Beirut Marine Barracks Bombing Fast Facts
The Beirut Marine Barracks bombing happened in Beirut on July 12, 1980. On that day, the Marines stationed in the city were on a one-day training exercise, code named “Camp Thunder,” which involved practicing bombing. The bombing was a suicide mission that targeted the barracks area.
July 12, 1980, Beirut Marine Barracks Bombing – The blast did not result in anyone being killed, and only three Marines were wounded. But the blast was so powerful that it damaged the barracks and damaged the headquarters of the Marine Corps, the Marine Corps Headquarters Annex, and a small portion of the Beirut Police headquarters, which all are situated inside the barracks, and severely damaged the Lebanese government headquarters. The barracks were damaged in so many different ways that it took months to rebuild them with sufficient security measures. However, they were still in use at the time of the bombing. In the aftermath, the Marines remained on active duty at Beirut Marine Barracks until their expiration date of July 31, 1981.
When was the Beirut Marine Barracks Bombing?
The Beirut Marine Barracks bombing was one of many bombings that took place in Beirut in the 1980s. Beirut’s history of bombings during the 1970s and 1980s remains relevant to the current geopolitical environment. The bombings have had lasting effects, and have shown that despite the relative stability since the Iran-Iraq War in the early 1980s, the country is still in a tense state of affairs.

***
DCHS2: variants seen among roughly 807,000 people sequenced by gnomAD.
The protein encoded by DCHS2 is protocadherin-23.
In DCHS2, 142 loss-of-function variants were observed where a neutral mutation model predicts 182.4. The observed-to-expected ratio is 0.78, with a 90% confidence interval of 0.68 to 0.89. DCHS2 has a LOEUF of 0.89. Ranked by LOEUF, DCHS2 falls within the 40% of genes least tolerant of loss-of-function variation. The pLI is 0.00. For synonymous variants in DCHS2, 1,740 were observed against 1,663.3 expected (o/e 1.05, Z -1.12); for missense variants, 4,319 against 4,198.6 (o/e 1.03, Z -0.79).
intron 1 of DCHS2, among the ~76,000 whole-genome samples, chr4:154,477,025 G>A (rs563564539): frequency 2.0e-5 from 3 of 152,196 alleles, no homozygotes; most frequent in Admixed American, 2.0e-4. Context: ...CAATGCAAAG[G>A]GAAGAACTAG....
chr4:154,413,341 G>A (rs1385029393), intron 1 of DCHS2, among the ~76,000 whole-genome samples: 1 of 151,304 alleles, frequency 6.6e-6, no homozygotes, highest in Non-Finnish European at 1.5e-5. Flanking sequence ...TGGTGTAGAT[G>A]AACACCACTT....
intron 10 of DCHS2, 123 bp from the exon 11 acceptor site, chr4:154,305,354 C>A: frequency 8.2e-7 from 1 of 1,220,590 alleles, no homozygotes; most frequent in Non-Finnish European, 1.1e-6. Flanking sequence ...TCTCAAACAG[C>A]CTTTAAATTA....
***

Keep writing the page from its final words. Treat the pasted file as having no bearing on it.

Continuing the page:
The Beirut Marine Barracks bombing was another of many terrorist attacks that occurred in the Lebanese capital of Beirut in the 1980s. Beirut’s history of bombings during the 1970s and 1980s remains relevant to the current geopolitical environment. The embassies in Beirut have been attacked numerous times over the years, and the city has seen a number of high-profile terrorist attacks including the bombing of the U.S. Marine barracks and the assassination of Prime Minister Rafik Hariri.
Lebanon has been under a state of emergency since 1975, with the state taking measures to prevent political demonstrations from happening, and preventing the country from being split. The Lebanese state has been accused of not doing enough to protect its citizens, and some have deemed it as a failure of national security.